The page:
Brent has found the transition from being a part of team structure to an individual sport quite challenging but he is slowly coming to terms with the demands of competing for himself.

“It has been different not having a team structure around me. The main thing with a team sport is that when you are hurting you can rely on someone to talk to or push you through. But 95 per cent of my sessions have been done on my own so when I am starting to hurt I am really challenging myself to get through it. That has been a huge change. Especially with sticking to the routine and getting out of bed at 4.30am three or four mornings a week. Doing a ride, doing a swim, fitting in a run and a few strength sessions as well. A lot of kudos goes out to the individual athletes out there that have done it for a long period of time. It is amazing how they stick at it and stay strong.”

“I can already see why people get addicted to it. It keeps you sticking to a routine and it is a great way to meet other people and socialize. All those things are great but clearly there is also an addiction to the challenge and the heat of the moment when your mind is saying no and the body keeps going. That is the challenge that I am looking forward to experiencing and seeing how I push through that. Hopefully I will come out the other side feeling pretty good.

As the forward coach at the Brisbane Lions AFLW team and doing radio commentary in Brisbane and the Gold Coast during the AFL season, Brent still has an active role in football but he is hoping triathlon will become his next passion.

“I do miss the footy. I miss the physicality and the highs and lows. One of the best things you can do is run out on game day, through the banner and hearing the crowd. That is something I really miss and is something you can’t replace. It is such a unique thing that is hard to describe what it is like in those moments. I don’t think I will ever be able to describe it perfectly but it is a real buzz being out there. I do miss it. I have sort of been visualizing what the triathlon will be like, as silly as that sounds. The swim, the bike or the run and pushing through the pain but I hadn’t taken into account the crowd and how much their support might help. Hopefully they can give me a lift,” Brent said.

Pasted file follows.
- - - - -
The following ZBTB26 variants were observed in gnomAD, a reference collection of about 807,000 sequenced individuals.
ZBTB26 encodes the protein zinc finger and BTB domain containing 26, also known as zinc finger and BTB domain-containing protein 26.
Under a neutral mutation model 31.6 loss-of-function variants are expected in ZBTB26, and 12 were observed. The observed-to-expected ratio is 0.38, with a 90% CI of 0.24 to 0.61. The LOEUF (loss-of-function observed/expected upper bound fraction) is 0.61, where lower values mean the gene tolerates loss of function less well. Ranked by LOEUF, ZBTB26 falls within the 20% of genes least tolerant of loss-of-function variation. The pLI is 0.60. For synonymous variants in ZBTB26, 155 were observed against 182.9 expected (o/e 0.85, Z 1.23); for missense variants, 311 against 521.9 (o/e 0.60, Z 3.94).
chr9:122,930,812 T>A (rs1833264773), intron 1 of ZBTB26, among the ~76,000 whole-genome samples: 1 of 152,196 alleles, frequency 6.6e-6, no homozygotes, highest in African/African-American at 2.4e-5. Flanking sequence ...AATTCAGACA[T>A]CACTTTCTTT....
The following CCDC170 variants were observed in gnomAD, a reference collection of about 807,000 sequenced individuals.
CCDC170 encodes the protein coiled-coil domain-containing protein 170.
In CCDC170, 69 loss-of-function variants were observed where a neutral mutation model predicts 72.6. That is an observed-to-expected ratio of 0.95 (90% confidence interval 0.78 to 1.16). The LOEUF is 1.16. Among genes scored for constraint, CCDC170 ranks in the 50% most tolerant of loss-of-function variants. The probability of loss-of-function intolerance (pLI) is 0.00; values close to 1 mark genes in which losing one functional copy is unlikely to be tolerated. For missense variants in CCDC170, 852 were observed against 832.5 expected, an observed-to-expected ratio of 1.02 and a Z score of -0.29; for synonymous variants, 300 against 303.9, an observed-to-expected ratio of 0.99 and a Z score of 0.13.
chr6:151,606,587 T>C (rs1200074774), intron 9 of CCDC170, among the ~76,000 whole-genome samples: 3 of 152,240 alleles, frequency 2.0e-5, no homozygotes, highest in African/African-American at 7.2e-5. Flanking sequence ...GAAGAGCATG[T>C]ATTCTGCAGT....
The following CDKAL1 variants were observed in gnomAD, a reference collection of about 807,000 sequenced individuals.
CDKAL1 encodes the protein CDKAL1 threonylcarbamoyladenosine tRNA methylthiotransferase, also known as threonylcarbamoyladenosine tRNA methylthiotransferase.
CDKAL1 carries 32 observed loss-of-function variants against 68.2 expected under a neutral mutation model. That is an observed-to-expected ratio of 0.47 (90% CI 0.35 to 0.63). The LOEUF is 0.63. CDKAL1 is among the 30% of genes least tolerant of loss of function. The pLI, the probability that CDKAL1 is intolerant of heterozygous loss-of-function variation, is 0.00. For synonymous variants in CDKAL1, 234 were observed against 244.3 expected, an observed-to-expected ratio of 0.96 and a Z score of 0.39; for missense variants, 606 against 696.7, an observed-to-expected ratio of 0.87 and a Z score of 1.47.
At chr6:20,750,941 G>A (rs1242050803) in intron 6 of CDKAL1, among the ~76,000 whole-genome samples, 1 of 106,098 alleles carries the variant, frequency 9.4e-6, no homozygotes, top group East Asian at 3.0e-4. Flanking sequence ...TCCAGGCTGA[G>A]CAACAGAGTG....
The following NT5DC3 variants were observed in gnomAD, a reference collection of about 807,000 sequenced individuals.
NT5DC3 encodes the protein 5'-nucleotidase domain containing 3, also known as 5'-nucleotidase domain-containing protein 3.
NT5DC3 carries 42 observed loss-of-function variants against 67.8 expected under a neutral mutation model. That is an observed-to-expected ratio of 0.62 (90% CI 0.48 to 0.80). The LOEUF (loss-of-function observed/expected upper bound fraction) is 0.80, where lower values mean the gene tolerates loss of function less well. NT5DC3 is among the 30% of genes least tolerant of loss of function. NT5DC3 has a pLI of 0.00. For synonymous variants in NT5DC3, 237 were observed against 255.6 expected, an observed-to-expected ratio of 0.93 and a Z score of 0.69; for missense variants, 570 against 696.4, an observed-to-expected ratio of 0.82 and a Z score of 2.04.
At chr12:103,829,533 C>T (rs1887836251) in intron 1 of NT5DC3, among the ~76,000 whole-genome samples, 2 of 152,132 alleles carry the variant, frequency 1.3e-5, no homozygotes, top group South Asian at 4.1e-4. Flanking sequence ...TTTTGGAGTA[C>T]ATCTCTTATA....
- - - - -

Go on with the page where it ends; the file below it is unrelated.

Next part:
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Pre Wedding Nerves? Mooloolaba Triathlon Perfect Solution

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When Kristy Dobson and fiancé Jordan Miller, line up for the Mooloolaba Triathlon (11 March) there will be ‘no quarter given and no quarter asked’ and not too much loving or cherishing, as they strive to get to the finish line first.

Six days later the happy Mackay couple will be putting all their on course rivalry aside when they take their wedding vows (with a triathlon exemption) and from that day forward, it will be for better or for worse, for richer, for poorer, in sickness and in health.

Kristy and Jordan met at work dinner six years ago but it is only more recently that they have shared their love of triathlon.

“I started triathlons about two and a half years years ago, when I completed a six week training program to compete in a Women’s Only Triathlon (200m swim, 8km bike, 2km run) in Mackay. I was very hesitant to sign up for the program, but needed something aside from work, as I was doing nothing else and unfit.”

“My partner, Jordan, who had done triathlons all through high school and even in recent years, convinced me to sign up for the program. I finished the Women’s Only Race, and surprised myself at how much I enjoyed it and the love has grown from there.”

Like many athletes before her, Kristy’s passion for triathlon has taken over and gradually the race distances have creeped up.

“We do a few big races each year and last year I completed my first IRONMAN 70.3 in Cairns, we also did the Olympic distance races at Yeppoon, Mackay and Noosa.”

“We have done Noosa now for the past two years and this year I wanted to try a different race and Mooloolaba worked out to be the week prior to our wedding. We figured we would be down that way for the wedding, so why not just extend our leave a little, and do Mooloolaba Triathlon while we were there.”

“The wedding is in Toowoomba the Saturday following the Mooloolaba Triathlon in my parent’s backyard, with the reception to follow there as well with a 100 of our nearest and dearest. There is no honeymoon immediately afterwards, but we are taking a week to relax before travelling home from Mooloolaba to Mackay.”

Kristy and Jordan are all fired up for a fun day out but given their normal preparation has been overtaken by wedding plans they are expecting a little bit of hurt from the hills on the ride and run.